Make sure your sentences and paragraphs are logically connected, either by naming the order of ideas dealt with (e.g. There are two reasons…first…second…), using cause and effect connectors (e.g. Since the idea is to…, it goes to show that…), chronological connectors (e.g. giving a historical overview, or describing the start, the details and the end of a process) or comparison and contrast connectors (e.g. comparing trends, listing features of groups, categorizing etc.).
Don’t forget to clearly state the central idea of your article: the purpose or the goal. You can state this in the introductory chapter and later develop throughout the other sections.
The goal of this article is…
My idea is to share with you the experience of working with young learners…
The central idea is to show how…
Don’t be too optimistic with the promises you cannot deliver later on in the text.
Draw an outline of your article before writing it, with headings and subheadings under the main parts (introduction, main body, and conclusion) – that should keep the building blocks of it in place, and the structure easy to follow.
Each paragraph should have a central idea in a topic sentence that then develops. A topic sentence is one that tells the reader what the paragraphs is about. The sentences around it are supporting sentences that develop the idea in more detail, providing evidence or examples. You might want a concluding sentence that sums up the idea in different words and comments on the idea’s purpose in relation to your whole article. This helps the reader understand the text’s overall message. New paragraphs give the reader a chance to rest and take in what was written, and also give you a chance to move on to the connecting idea or change the pace of the article.
Before submitting the article, check it for spelling, grammar or other mistakes. We suggest putting the article away for a day and then rereading it with fresh eyes, on paper if possible. This technique will help you notice previously overlooked errors. Ideally, ask a colleague to proofread it.
Avoid sex bias in your use of English and check your writing for the stereotypical misuse of the masculine noun ‘man/mankind’, pronoun ‘he’ or the possessive adjective ‘his’ when referring to a group. (e.g. NOT The teacher helps his students, but: Teachers help theirstudents, NOT Most men say, but Most people/individuals say…etc.)
What should I write about?
The best place to start is drawing from your own experience in the classroom. Perhaps there is a lesson you want to share with your colleagues, a useful tip or advice for them or something you picked up on a teacher development course and applied it successfully in your classroom. Maybe you are organizing a creative or stimulating activity at your school? Or you might want to write a more academic article on the topic of your interest. Whatever you choose, make sure you have a clear idea of what your topic is and present it accordingly. Ask yourself: Does your article really deal with the topic you stated in its title?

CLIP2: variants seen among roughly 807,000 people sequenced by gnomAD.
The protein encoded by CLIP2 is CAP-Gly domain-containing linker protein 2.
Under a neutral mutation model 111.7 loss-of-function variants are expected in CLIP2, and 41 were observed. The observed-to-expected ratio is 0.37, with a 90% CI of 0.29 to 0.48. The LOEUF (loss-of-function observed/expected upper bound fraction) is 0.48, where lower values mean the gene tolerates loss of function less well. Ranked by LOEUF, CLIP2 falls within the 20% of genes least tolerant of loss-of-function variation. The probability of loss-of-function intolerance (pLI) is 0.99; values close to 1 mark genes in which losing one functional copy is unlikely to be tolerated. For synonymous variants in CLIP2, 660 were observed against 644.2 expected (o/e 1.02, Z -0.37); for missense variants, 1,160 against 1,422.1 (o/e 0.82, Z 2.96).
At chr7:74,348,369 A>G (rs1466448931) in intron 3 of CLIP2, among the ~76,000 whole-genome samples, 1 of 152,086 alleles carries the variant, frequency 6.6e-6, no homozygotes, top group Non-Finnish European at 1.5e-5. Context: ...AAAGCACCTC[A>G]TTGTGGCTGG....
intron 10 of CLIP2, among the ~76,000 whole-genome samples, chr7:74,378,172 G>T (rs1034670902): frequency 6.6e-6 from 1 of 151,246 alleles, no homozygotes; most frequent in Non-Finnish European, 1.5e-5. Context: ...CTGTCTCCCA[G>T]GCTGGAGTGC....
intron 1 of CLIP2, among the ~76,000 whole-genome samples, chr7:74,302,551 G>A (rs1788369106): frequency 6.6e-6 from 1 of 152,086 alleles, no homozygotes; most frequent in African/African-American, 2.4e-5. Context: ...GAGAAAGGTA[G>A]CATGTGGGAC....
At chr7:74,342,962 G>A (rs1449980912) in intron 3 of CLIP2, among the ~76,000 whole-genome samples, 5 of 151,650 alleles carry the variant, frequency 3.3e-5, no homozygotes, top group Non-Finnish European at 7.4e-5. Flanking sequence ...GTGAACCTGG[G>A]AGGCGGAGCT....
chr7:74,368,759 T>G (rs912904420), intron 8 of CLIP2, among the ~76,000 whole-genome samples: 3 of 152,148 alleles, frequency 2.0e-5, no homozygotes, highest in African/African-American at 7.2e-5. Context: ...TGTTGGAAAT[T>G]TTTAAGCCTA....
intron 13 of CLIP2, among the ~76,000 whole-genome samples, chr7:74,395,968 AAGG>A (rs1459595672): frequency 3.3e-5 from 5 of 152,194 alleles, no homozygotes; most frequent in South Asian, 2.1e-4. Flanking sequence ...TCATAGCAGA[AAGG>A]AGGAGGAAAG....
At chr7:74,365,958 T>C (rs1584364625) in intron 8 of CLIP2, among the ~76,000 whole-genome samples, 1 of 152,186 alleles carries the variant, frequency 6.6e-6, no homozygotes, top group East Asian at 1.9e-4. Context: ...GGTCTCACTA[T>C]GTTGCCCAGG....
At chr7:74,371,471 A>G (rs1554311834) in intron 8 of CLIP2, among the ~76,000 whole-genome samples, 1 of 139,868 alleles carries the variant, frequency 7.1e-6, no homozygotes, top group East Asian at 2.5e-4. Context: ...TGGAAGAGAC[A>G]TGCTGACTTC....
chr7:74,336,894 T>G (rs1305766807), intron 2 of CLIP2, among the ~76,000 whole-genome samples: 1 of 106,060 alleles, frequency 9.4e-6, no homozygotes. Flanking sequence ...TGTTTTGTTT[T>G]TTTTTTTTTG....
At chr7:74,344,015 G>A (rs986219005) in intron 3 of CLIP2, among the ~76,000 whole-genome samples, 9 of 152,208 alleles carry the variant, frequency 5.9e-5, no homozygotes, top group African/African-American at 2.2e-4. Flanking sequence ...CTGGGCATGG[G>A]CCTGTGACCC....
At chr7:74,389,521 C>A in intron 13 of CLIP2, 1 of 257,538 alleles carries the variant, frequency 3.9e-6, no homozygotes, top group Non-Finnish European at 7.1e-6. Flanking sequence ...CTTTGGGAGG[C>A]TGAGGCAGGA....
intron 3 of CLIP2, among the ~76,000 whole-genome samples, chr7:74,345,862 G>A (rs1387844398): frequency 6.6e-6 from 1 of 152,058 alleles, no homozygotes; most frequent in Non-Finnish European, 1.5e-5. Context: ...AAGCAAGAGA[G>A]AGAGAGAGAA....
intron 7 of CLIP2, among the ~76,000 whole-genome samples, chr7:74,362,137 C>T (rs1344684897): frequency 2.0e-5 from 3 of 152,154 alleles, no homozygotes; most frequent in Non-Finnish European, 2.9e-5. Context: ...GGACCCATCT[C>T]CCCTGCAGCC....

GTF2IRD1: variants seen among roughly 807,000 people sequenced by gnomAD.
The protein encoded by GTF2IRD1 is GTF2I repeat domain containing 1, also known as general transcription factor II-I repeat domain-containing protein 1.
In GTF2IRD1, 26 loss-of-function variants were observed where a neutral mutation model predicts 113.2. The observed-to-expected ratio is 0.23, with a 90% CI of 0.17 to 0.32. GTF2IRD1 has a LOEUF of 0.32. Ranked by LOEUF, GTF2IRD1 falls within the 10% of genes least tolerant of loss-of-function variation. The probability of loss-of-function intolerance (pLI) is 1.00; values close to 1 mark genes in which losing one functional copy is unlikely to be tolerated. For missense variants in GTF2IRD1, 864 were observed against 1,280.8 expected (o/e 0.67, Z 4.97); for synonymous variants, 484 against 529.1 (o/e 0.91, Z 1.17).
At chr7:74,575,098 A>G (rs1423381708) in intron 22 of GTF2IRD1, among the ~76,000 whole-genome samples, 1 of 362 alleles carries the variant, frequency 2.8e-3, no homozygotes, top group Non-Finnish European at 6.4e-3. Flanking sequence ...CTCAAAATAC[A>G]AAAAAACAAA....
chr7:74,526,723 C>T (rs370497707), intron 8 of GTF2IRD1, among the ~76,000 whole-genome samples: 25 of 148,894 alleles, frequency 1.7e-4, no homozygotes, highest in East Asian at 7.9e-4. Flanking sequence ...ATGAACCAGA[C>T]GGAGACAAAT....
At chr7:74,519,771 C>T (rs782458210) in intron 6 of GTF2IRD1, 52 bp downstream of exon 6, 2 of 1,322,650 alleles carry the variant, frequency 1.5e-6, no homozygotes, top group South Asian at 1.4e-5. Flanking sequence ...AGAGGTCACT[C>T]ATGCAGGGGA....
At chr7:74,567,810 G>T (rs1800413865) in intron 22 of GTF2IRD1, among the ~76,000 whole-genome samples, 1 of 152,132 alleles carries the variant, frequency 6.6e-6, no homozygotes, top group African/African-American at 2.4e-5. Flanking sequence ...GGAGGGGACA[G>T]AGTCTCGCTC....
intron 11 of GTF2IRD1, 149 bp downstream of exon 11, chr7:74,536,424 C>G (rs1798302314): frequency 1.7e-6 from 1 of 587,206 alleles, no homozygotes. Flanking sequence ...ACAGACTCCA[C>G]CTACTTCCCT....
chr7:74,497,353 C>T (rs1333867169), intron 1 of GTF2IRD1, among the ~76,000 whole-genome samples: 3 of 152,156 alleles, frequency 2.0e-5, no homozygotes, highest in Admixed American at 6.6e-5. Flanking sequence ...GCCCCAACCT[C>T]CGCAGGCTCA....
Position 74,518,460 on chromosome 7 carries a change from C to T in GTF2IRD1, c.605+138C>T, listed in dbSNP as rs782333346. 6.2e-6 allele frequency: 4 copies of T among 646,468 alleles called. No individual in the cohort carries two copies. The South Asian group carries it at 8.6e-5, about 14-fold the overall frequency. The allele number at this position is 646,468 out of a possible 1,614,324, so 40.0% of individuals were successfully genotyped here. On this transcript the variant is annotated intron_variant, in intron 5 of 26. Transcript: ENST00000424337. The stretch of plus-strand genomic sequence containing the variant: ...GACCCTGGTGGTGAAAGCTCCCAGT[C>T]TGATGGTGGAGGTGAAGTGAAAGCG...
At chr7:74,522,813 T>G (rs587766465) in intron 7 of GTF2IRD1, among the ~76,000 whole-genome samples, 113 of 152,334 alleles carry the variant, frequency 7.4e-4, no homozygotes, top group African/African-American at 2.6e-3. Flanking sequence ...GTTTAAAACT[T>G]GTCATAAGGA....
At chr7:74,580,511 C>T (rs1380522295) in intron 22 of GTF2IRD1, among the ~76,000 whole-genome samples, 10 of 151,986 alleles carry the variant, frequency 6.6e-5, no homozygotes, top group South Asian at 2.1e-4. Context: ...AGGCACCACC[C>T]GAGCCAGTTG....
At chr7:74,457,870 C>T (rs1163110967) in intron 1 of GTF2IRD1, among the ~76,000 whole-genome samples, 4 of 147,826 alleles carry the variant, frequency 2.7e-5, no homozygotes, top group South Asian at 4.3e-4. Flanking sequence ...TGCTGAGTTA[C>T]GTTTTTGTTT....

Here are some reflective questions that may help you to get started:
1. What are the areas of teaching I’ve developed in particular throughout my career?
2. What would I like to share about this area with my colleagues?
3. How did I solve a particularly challenging situation in my classroom?
4. What did I learn and apply from the latest seminar I attended? etc.
How do I engage with the reader?
In order to build a relationship with the reader, do not just write about the subject matter, but also, occasionally, write about how the text is evolving. (e.g. Now I suggest we look at…, And so to conclude…, The next stage would be… etc) It means writing about writing, and it implies you are aware of the reader’s need for elaboration and lightens the reader’s cognitive burden. To write a reader-friendly article, provide familiar context before introducing new information.
Always check your work for ‘flawed logic’ – do your conclusions really follow from the premises? If your students seem especially demotivated and you are teaching grammar, does it follow that grammar is demotivating?
What is my contribution?
Before submitting your articles ask yourself about the significance and novelty of your contribution. Is your article shedding some new light on an old topic? Will it help your colleagues advance their practices? Does it offer practical solutions to emerging classroom issues?
Above all, write about what you are interested in and have fun with it. We hope you find these tips useful and we are looking forward to your next (or first) contribution to our newsletter.
Your editorial team